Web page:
Name: Oliver Palmer
Hometown: Waterloo, Iowa
Game: Iowa vs. Pittsburgh (9/17/11)
When 10-year-old Oliver Palmer started having vision problems, his parents Stacy and Ed took him to the eye doctor. His eyes were fine, but subsequent tests at their local hospital found something very, very wrong; Oliver had a brain tumor located in the middle of his brain stem, where the cerebrum connects with the spinal cord.
A few days later, on New Year’s Eve 2009, doctors at University of Iowa Children’s Hospital verified that he had a diffuse intrinsic pontine glioma, a tumor responsible for five to 10 percent of brain tumors in school-age children. This type of tumor, especially one located so deep in his brain, doesn’t respond well to chemotherapy or surgery so the family and the doctors agreed to radiation therapy to try to stop the growth of the tumor.
For six weeks, Oliver and his parents drove three hours round-trip to UI Children’s Hospital for radiation treatments. It was a tough time, but the family is grateful that they could take their son to a nationally ranked hospital and be home later that same day.
Stacy says, “People ask us why we chose UI Children’s Hospital for his care. We answer that it’s a children’s hospital. For something this scary, you want a place that’s used to treating children, who know how to talk to them and help them.”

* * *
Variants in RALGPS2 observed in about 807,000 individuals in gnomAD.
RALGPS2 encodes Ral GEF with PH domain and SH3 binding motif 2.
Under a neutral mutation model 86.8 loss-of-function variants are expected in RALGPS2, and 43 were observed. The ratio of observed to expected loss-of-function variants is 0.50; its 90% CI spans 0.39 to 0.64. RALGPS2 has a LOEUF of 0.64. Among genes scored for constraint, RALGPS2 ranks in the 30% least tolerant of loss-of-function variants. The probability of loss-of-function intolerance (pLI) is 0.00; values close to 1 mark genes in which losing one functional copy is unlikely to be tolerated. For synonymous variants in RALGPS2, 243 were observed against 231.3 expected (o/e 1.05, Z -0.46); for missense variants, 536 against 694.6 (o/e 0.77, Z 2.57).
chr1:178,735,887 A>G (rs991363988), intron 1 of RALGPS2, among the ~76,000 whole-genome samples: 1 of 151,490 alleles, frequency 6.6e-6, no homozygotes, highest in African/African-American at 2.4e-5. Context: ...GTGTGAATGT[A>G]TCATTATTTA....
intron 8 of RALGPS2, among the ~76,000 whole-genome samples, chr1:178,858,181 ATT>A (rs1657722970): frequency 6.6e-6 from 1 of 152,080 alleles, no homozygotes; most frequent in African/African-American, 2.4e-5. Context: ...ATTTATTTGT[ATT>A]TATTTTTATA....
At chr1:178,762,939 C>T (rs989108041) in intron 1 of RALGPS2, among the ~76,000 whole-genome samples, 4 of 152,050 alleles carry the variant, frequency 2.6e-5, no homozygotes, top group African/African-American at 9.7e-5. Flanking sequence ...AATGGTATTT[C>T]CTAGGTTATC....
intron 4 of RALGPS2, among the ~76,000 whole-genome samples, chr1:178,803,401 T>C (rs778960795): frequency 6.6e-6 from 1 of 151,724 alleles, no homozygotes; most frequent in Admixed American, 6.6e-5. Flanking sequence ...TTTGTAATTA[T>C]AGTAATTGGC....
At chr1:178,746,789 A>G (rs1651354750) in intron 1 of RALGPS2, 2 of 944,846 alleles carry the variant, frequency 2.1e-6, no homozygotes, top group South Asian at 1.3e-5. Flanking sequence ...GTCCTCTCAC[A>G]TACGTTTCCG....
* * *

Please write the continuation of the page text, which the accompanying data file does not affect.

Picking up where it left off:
Oliver’s diagnosis at the end of 2009 capped a year of ups and downs for the Palmer family. Stacy was hospitalized and had surgery at UI Hospitals and Clinics earlier in the year and just three weeks before Oliver’s diagnosis she had given birth to their fourth child, Phineas.
Adds Ed, who took time off work to make the trips to Iowa City with Oliver, “I thought Children’s Hospital provided the best level of care. It was important for us to maintain some form of a normal life at home for the kids and us.
“We were very impressed with the Children’s Hospital staff and grateful for everything they’ve done for Oliver.”
For this close-knit family, life at home is something to be cherished. In addition to Phineas, Oliver is big brother to Eden, 8, and Jaren, 4, and a network of family and friends live nearby. Tutored at home, Oliver enjoys spelling and sports, especially the Iowa Hawkeyes.
Radiation therapy seems to have stopped the growth of the tumor, although Oliver has some weakness on his left side and problems with balance. He returns every three months for an MRI.
Adds Ed, “When we first came to the hospital, Oliver was just a little nine-year-old boy who was scared out his mind, but they made him feel better. He says he loves going there. It’s phenomenal.”
Having a chronically ill child gives you a “new normal,” says Stacy. Last summer, Oliver planned his own baseball-themed sleepover party for four of his friends to celebrate his 10th birthday.
Oliver says, “I like Children’s Hospital,” smiling as he mentions a social worker who plays with him. When asked what he’d say to the doctors and nurses and the “guy with silly string,” Oliver says, “Thanks for being good.”